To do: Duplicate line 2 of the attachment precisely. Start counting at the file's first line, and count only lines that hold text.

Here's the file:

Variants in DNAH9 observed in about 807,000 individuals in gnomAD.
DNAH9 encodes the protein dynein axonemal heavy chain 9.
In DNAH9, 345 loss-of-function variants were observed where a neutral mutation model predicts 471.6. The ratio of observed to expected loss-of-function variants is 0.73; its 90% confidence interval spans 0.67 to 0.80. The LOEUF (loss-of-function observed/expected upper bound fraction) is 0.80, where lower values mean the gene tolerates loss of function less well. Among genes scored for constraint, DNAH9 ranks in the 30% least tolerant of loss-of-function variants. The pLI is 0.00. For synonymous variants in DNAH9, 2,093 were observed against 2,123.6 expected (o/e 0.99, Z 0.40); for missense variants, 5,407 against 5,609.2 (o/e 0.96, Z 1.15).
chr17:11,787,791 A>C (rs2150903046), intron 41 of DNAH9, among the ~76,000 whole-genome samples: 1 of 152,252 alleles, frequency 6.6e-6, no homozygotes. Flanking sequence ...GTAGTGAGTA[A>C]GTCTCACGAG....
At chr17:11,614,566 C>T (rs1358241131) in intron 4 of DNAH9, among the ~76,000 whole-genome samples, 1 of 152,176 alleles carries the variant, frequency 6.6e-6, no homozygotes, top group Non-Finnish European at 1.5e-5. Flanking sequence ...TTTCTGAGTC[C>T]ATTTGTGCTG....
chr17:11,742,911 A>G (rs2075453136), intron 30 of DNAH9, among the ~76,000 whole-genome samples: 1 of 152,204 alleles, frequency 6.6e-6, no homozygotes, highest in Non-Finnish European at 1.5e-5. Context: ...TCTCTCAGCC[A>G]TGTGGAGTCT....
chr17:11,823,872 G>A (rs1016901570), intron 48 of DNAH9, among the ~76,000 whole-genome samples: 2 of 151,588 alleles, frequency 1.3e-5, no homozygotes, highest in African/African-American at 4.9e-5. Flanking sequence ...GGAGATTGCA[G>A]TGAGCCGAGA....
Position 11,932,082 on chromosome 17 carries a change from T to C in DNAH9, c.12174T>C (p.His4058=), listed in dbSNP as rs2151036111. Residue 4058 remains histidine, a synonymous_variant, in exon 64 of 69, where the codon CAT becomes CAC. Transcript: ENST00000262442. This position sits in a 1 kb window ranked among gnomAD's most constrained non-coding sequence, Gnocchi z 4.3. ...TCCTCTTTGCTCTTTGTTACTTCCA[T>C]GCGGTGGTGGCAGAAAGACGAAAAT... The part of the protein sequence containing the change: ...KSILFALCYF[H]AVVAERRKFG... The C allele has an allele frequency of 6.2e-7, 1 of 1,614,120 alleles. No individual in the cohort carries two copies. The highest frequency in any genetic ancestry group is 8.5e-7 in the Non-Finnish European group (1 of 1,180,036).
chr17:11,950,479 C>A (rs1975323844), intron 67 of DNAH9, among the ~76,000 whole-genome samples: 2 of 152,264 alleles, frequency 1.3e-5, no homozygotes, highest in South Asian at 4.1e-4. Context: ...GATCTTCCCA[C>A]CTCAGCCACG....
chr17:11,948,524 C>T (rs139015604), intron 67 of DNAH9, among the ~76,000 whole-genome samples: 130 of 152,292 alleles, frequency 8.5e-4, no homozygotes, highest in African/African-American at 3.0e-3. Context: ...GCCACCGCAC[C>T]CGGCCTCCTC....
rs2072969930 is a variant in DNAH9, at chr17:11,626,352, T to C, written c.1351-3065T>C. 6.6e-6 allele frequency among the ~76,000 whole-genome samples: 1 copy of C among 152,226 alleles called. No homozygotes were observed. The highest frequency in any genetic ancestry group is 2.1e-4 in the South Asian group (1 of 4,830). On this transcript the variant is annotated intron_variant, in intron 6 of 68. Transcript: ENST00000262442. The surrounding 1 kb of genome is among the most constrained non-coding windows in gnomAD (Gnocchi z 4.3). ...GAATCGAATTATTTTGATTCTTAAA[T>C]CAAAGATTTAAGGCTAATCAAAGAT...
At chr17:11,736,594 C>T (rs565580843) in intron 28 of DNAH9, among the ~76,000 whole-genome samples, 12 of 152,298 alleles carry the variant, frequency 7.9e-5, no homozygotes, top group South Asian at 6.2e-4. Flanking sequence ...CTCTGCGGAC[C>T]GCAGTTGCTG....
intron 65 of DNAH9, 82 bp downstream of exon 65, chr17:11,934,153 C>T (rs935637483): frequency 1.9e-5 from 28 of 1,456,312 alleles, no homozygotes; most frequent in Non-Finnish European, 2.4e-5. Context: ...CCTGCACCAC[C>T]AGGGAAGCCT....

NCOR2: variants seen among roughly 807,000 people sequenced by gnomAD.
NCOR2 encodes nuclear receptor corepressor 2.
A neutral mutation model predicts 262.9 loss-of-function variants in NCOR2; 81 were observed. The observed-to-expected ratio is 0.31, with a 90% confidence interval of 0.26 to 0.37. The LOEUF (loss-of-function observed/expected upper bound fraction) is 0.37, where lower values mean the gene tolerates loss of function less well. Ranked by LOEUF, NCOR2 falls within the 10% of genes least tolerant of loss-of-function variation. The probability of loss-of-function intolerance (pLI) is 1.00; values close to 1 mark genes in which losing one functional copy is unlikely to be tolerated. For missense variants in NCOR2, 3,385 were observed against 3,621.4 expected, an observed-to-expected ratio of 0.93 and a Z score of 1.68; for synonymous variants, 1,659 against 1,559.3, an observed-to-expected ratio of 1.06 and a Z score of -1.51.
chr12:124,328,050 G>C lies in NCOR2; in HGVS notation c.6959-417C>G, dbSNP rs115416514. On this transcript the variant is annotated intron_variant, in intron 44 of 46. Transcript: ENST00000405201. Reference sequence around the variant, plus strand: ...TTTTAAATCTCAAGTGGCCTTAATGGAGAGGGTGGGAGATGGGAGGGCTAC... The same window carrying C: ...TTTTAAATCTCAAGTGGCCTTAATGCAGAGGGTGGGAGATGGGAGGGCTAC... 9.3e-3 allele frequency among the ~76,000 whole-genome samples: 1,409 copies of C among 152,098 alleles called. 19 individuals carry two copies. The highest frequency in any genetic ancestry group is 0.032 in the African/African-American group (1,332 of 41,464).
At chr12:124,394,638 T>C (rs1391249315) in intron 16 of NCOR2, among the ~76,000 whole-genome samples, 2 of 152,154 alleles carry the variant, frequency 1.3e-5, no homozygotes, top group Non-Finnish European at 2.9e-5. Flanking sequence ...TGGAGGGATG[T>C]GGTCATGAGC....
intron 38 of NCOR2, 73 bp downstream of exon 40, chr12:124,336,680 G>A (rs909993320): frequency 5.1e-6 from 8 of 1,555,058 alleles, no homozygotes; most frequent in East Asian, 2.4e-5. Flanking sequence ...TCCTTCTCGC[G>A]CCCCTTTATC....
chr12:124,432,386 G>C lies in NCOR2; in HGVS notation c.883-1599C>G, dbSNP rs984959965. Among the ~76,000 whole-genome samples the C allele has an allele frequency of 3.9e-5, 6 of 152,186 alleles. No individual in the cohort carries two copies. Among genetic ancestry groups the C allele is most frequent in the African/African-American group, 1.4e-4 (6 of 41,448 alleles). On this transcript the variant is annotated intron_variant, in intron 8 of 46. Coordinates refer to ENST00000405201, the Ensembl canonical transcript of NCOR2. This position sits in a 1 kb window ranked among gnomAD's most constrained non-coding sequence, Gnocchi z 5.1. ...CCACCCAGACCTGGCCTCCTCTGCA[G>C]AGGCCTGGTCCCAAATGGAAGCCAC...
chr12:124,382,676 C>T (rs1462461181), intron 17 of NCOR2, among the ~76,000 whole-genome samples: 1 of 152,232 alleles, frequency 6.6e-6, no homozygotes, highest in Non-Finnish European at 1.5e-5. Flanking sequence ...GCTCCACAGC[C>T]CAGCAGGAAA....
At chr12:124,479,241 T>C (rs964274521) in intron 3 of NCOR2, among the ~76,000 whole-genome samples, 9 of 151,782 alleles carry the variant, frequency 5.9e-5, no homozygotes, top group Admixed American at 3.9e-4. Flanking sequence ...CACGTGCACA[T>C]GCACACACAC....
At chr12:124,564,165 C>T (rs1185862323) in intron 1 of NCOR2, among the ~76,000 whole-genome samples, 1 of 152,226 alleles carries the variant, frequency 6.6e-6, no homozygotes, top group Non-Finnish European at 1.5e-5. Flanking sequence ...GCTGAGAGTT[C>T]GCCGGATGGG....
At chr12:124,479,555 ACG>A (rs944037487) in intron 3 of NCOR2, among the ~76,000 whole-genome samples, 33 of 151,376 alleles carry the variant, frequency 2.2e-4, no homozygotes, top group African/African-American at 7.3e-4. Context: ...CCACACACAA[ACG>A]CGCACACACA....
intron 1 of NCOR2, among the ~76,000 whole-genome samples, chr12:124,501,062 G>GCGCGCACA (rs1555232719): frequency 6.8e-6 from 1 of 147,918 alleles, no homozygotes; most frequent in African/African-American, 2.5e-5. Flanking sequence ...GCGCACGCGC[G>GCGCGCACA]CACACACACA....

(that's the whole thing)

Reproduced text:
DNAH9 encodes the protein dynein axonemal heavy chain 9.